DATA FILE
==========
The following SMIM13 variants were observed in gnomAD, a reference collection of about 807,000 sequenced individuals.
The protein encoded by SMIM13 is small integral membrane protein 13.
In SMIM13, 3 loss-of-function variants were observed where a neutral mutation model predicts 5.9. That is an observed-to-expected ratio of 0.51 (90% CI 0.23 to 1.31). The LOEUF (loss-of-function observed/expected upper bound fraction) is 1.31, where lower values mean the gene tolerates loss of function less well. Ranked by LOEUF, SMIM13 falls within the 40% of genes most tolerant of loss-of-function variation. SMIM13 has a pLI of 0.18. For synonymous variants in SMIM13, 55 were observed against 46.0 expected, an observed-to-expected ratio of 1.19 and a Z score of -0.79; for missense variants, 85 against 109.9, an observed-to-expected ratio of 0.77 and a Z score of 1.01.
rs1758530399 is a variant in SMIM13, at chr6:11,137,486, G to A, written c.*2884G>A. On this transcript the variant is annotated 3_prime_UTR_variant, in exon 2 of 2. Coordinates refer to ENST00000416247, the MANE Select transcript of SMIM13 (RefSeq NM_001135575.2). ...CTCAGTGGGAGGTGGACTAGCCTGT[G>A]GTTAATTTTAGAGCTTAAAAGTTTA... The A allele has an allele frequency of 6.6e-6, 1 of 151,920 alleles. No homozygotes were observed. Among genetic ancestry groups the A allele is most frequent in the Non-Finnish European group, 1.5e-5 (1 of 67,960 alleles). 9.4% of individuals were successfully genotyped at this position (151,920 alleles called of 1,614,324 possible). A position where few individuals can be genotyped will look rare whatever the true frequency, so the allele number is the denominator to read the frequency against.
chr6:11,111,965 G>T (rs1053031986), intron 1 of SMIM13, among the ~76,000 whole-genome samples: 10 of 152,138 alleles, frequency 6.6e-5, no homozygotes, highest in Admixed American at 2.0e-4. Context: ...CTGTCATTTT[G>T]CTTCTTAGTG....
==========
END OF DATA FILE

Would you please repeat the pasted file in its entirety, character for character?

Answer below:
The following SMIM13 variants were observed in gnomAD, a reference collection of about 807,000 sequenced individuals.
The protein encoded by SMIM13 is small integral membrane protein 13.
In SMIM13, 3 loss-of-function variants were observed where a neutral mutation model predicts 5.9. That is an observed-to-expected ratio of 0.51 (90% CI 0.23 to 1.31). The LOEUF (loss-of-function observed/expected upper bound fraction) is 1.31, where lower values mean the gene tolerates loss of function less well. Ranked by LOEUF, SMIM13 falls within the 40% of genes most tolerant of loss-of-function variation. SMIM13 has a pLI of 0.18. For synonymous variants in SMIM13, 55 were observed against 46.0 expected, an observed-to-expected ratio of 1.19 and a Z score of -0.79; for missense variants, 85 against 109.9, an observed-to-expected ratio of 0.77 and a Z score of 1.01.
rs1758530399 is a variant in SMIM13, at chr6:11,137,486, G to A, written c.*2884G>A. On this transcript the variant is annotated 3_prime_UTR_variant, in exon 2 of 2. Coordinates refer to ENST00000416247, the MANE Select transcript of SMIM13 (RefSeq NM_001135575.2). ...CTCAGTGGGAGGTGGACTAGCCTGT[G>A]GTTAATTTTAGAGCTTAAAAGTTTA... The A allele has an allele frequency of 6.6e-6, 1 of 151,920 alleles. No homozygotes were observed. Among genetic ancestry groups the A allele is most frequent in the Non-Finnish European group, 1.5e-5 (1 of 67,960 alleles). 9.4% of individuals were successfully genotyped at this position (151,920 alleles called of 1,614,324 possible). A position where few individuals can be genotyped will look rare whatever the true frequency, so the allele number is the denominator to read the frequency against.
chr6:11,111,965 G>T (rs1053031986), intron 1 of SMIM13, among the ~76,000 whole-genome samples: 10 of 152,138 alleles, frequency 6.6e-5, no homozygotes, highest in Admixed American at 2.0e-4. Context: ...CTGTCATTTT[G>T]CTTCTTAGTG....